2. erin says

    It drives me crazy to see Kale used just as the “decoration” for salad bars around here! I actually grab it and put it in my salad! Thanks for the tip on massaging the Kale, I’ll have to try that! I love the Kale in smoothies- I think that it blends much better if you are blending it with Frozen Fruit…also try stir frying with lime juice (I freeze in ice cube trays) and garlic with a little coconut oil, YUMMMMMMMM! Thanks!

  3. Terry Oliver says

    Thanks! Cant wait to try this out! I usually wilt mine in a pan and cook it up with garlic, etc, or chop-steam-freeze for later. I am tired of throwing away lettuce-gone-bad. Perhaps this recipe will shake up the routine!

  4. Nigel says

    I might give it one more try. No matter how I prepare it, something about the taste of kale literally makes me feel ill. Other greens no problem, but kale has a certain kind of deep bitterness that just doesn’t agree with me. I’m curious to know if others have this problem with kale.

  5. Jenni says

    Agree about the Kale Chips being yummy – they are about the only way that I can actually eat kale (besides smoothies). Can’t wait to see your recipe!

  6. Mom says

    I am really glad you demonstrated the technique of “massaging” the kale. I was a little baffled about how one would massage a leaf. 🙂 I have massaged many tough muscles in my time with olive, peanut or almond oil, but never a veggie! Thanks Matt for another great recipe!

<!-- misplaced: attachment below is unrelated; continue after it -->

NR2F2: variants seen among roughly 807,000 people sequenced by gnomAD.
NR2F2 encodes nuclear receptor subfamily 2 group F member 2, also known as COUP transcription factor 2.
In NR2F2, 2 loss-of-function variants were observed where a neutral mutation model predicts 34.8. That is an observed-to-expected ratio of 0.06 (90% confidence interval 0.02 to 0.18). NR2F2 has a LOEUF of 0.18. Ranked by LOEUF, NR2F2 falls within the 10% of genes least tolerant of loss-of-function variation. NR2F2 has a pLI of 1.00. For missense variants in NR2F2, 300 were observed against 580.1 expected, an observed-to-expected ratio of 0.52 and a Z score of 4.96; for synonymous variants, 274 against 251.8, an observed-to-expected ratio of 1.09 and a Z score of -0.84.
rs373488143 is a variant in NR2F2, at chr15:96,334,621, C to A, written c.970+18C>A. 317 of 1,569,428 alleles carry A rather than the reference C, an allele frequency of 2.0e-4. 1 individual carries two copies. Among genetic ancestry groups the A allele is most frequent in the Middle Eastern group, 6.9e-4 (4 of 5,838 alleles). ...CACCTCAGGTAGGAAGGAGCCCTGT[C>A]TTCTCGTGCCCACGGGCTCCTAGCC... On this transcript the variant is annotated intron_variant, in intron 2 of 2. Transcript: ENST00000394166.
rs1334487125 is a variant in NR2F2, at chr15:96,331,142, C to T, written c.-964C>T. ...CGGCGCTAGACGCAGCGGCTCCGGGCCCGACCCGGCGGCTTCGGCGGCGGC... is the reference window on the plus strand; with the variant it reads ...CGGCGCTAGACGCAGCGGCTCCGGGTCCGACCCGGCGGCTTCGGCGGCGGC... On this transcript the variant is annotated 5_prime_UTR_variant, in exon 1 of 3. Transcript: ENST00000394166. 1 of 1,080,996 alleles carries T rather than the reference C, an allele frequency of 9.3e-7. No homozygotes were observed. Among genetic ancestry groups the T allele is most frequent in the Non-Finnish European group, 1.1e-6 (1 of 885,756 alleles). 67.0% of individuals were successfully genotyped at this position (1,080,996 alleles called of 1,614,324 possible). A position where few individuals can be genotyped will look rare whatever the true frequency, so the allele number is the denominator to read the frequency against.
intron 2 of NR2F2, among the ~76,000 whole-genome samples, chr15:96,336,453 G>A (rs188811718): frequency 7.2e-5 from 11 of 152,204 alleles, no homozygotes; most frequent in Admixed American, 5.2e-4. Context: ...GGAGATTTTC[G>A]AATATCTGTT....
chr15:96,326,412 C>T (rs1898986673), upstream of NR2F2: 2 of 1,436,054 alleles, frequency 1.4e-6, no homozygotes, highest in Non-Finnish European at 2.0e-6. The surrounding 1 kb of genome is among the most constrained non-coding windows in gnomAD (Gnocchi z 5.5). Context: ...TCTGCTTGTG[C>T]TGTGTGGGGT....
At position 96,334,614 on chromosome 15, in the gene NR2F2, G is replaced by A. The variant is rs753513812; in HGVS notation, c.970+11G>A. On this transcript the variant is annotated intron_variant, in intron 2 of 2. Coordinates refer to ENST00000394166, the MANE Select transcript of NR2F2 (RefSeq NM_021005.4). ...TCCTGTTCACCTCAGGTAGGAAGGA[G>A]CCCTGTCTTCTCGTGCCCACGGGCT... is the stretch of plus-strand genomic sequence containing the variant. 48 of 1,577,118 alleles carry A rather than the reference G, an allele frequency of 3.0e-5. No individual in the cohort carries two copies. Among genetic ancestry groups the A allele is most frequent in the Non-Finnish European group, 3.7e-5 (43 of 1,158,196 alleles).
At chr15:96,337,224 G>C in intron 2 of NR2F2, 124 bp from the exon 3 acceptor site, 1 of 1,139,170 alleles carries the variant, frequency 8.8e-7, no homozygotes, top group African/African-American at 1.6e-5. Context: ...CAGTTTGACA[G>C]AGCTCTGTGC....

• Matt Jabs says

      LOL, I was also confused the first time someone told me to “massage” the kale so I figured the video was in order – glad it was useful mom! 🙂

    • Matt Jabs says

      It stands for “Community Supported Agriculture” and is basically a program local farmers run to sell packages of produce to area residents. Find your local CSA by visiting LocalHarvest.org

  7. Deaf258 says

    Of all the varieties of kale I have tried, I love lacinato kale the most! It’s too bad it is not common here in Phoenix. When I lived in Baltimore for under 2 years, lacinato kale was common in the produce stores. I came up with a recipe and would like to share with you guys. I drink this for breakfast or snack!


  8. Vicki says

    We love kale in smoothies! Blend it really well. Favorite: almond milk or water, frozen mango, bananas, pineapple’s and a good bunch of kale–YUM!
    It’s not raw but I hear kale crisps are yummy too.

    • Matt Jabs says

      Kale crisps/chips are yummy Vicki, we’ll be publishing a recipe for it soon too. 🙂 We also use kale, and many other greens, in our morning smoothies – good stuff!

  9. Nina Nelson says

    You had me at feta cheese :). I’ll have to try this. I’ve only tried kale in a homemade Zuppa Toscana soup. And my husband put it into a smoothie for me once after I had our last baby. It wasn’t the best blender…I was a little turned off to kale for a while. Oooh, I might have to add in some honey-glazed walnuts.

    • Matt Jabs says

      Do it Nina, those walnuts sound good! Kale can turn people off pretty easy, it’s a bit of a red-headed step-child of greens but deserves a second look at it’s internal beauty and goodness. 🙂